By Gustavo Arellano
By R. Scott Moxley
By Alfonso Delgado
By Courtney Hamilton
By Joel Beers
By Peter Maguire
By Charles Lam
By Charles Lam
"The diet-and-vitamin thing was amazing as long as I kept my end of the deal," she says. "No white bread, no chemical preservatives, no recreational drugs, organic produce as often as possible. It took a lot of mental discipline, but as long as I stuck to it, it was manageable."
But any time she slipped, the potential for another episode was there. And when she slipped, she slipped hard.
* * *
"The England one is one of the best," Spencer-Devlin recalls. In early 1990, she thought she'd give the Women's European Tour a go. But dealing with the recent death of her stepfather was playing havoc with her emotions.
"I was invited to play in the Ford Classic in Woburn, England," she recalls. "The mania was coming, although I don't know if I was aware of that. The pro-am dinner the night before the tournament was in this fancy-shmancy, stately place. You were given a place to sit, but I was table-hopping and talking to someone at the head table, and they asked me to sit there. So I did. Then, one of the officials came up to me and said I couldn't sit there. That precipitated some screaming and yelling on my part."
Reports from English newspapers at the time said Spencer-Devlin "made an entrance . . . in the grand manner, dressed like a '20s cabaret star." When she was told to sit at a predesignated table, she reportedly slammed her fist on the table and said, "I am an American, and I am not to be treated this way. . . . Nobody tells me what to do. I am not going to keep quiet. I am an American and know how to behave."
"The next day, I was at the range getting ready to play, and an official brought a letter disqualifying me," she says. "I remember hanging around most of the day, giving some press interviews, with some pretty inflammatory quotes. I wound up in a hospital for a while and had an affair with the head nurse. . . . That was a good one."
In her time as a touring professional, Spencer-Devlin participated in tournaments in both manic and depressed phases. "The manic one I remember was in Italy. I was wearing knickers and a tie and playing while listening to headphones and singing songs. A depressive one came in Jamaica, not long after my stepfather died. I had a great caddy, and I remember telling him, 'You got to lead me around; I'm in really bad shape.' He led me to a sixth-place finish, but all I could think of was getting on one of those glass-bottom boats and slipping off the end without anyone noticing. Sometimes, it seemed that suicide was the only thing possible that could end the pain."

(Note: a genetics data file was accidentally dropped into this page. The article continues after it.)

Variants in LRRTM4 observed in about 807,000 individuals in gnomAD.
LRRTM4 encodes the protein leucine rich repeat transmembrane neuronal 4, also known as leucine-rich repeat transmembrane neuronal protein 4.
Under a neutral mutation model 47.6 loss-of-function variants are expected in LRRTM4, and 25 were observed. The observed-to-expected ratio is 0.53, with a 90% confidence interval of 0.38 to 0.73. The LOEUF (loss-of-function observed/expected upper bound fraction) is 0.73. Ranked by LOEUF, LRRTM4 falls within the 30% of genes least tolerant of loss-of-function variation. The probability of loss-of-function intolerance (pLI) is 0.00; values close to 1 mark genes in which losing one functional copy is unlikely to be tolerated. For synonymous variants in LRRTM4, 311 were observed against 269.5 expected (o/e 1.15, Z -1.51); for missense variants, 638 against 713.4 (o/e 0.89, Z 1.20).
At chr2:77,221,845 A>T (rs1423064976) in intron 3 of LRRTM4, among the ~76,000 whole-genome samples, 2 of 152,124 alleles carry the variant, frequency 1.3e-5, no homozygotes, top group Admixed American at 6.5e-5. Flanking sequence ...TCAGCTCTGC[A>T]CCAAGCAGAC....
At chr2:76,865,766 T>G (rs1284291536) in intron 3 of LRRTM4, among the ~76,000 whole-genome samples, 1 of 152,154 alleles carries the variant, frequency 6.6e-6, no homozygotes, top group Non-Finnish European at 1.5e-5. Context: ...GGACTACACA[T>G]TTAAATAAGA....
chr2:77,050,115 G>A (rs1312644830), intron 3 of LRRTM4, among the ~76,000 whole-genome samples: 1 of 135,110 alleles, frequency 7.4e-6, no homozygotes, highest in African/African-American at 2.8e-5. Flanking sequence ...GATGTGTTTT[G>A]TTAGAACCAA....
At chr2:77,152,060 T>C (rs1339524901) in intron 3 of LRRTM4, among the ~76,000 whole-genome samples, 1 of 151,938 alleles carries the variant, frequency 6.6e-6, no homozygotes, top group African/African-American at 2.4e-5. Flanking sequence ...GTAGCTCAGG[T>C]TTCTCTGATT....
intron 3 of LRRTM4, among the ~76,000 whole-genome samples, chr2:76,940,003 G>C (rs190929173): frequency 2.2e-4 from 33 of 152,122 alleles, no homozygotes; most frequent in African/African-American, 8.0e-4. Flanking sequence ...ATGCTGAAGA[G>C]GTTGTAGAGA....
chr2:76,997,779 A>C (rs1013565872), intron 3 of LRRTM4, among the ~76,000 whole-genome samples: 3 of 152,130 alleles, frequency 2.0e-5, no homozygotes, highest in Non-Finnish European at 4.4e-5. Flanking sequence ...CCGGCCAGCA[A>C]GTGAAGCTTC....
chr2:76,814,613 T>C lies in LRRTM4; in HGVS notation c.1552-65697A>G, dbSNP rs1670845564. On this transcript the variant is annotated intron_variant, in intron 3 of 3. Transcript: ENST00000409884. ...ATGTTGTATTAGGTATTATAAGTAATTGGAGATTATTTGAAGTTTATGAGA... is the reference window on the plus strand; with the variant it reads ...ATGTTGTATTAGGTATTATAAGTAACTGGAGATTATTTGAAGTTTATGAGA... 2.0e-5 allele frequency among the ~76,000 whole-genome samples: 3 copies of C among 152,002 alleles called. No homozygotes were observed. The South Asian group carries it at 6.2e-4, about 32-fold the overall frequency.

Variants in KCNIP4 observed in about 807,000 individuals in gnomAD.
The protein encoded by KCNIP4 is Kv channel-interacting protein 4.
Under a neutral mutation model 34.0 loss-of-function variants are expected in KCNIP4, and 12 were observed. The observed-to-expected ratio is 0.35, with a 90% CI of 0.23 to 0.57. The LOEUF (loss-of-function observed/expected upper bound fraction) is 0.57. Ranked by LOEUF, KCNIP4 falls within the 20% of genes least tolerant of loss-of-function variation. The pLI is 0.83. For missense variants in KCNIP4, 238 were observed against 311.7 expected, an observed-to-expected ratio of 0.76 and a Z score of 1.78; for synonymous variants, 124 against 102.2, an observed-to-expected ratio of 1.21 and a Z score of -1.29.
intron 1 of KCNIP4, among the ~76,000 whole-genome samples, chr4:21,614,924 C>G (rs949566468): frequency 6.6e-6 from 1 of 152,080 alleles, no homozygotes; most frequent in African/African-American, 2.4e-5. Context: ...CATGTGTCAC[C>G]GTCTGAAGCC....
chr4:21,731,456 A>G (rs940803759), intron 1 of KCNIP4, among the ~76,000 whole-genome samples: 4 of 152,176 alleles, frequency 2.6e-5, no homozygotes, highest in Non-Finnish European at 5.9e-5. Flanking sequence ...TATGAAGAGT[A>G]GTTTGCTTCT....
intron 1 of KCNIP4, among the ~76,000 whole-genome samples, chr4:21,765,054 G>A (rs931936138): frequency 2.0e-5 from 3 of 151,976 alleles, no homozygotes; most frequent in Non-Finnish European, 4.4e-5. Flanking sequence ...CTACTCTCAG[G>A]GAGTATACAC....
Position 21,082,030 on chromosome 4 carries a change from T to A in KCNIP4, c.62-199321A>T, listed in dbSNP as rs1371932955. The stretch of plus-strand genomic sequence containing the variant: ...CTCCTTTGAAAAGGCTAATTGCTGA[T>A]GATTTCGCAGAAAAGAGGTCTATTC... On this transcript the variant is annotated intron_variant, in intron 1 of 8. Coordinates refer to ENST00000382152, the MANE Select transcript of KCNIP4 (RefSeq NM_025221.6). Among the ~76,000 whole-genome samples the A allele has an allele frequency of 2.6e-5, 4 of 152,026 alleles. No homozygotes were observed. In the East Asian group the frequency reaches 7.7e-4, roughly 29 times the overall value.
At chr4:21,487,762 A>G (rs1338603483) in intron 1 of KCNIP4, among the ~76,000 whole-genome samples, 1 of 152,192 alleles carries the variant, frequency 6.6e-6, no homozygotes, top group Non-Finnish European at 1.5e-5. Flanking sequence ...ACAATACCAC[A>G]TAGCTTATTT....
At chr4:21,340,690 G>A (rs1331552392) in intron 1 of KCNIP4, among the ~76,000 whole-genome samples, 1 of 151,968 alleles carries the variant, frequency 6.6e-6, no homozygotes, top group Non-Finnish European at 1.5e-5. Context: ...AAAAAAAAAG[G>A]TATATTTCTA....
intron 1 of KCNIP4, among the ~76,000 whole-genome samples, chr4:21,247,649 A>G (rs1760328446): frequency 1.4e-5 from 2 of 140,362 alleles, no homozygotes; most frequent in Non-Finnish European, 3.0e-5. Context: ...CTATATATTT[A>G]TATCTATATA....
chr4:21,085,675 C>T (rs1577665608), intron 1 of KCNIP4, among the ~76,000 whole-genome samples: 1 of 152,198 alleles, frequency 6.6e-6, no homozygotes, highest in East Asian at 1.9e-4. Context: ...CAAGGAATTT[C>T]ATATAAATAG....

Instead, Spencer-Devlin jumped into the nation's 1990s culture wars when she decided to come out publicly in the pages of Sports Illustrated. She recalls the idea stemming from a reporter-player relationship cultivated with SI reporter Amy Nutt. "We had the disease in common," Spencer-Devlin says. Nutt was a bipolar fast cycler, someone who could experience three manic episodes in a day; Spencer-Devlin was a slow cycler, whose manic and depressive mood swings could last weeks, if not months.
"That was our common thing. And Amy was one of the few people [with bipolar disorder] who I would talk to about it whose eyes didn't glaze over when I brought up how I dealt with it. She came up with the idea [to come out in the magazine]. My first reaction was 'You're fucking crazy.' I didn't want that notoriety, but then I thought about it for three, four, five months and decided to do it."
The decision was sealed, in large part, by the fact she'd been so open about her manic-depression, Spencer-Devlin says. Since arriving on the tour, she'd not only talked openly about the disorder with the media, but she had also adopted raising awareness of it as a crusade.
"That definitely was a thought I had," she says. "There's a place when you want to be honest about everything. There weren't a lot of people in the press or among my friends who didn't know, but the stand-up-and-be-counted part became very important to me."
"It was definitely a big story," recalls John Garrity, the reporter who wrote the story, along with Nutt. He flew to Laguna Beach in early 1996 and met with Spencer-Devlin and her then-partner, a music composer. "She'd be the first LPGA golfer to step forward. It was an extremely sensitive topic at the time and, honestly, a subject that was hurting the LPGA in a lot of ways. There were rumors that suggested the sexual orientation of LPGA players was entirely off the spectrum, and even though Muffin said the number of actual lesbians on tour was significantly less, the perception at the time was that a lot of sponsors weren't backing events because they didn't feel it was promoting the so-called 'wholesome family image' and they didn't want their brand names associated with that."
It wasn't an easy decision. Spencer-Devlin had to deal with how her sponsors, such as Callaway Golf, would react, not to mention her fellow players, LPGA fans and the general public. And, of course, there was the LPGA Tour.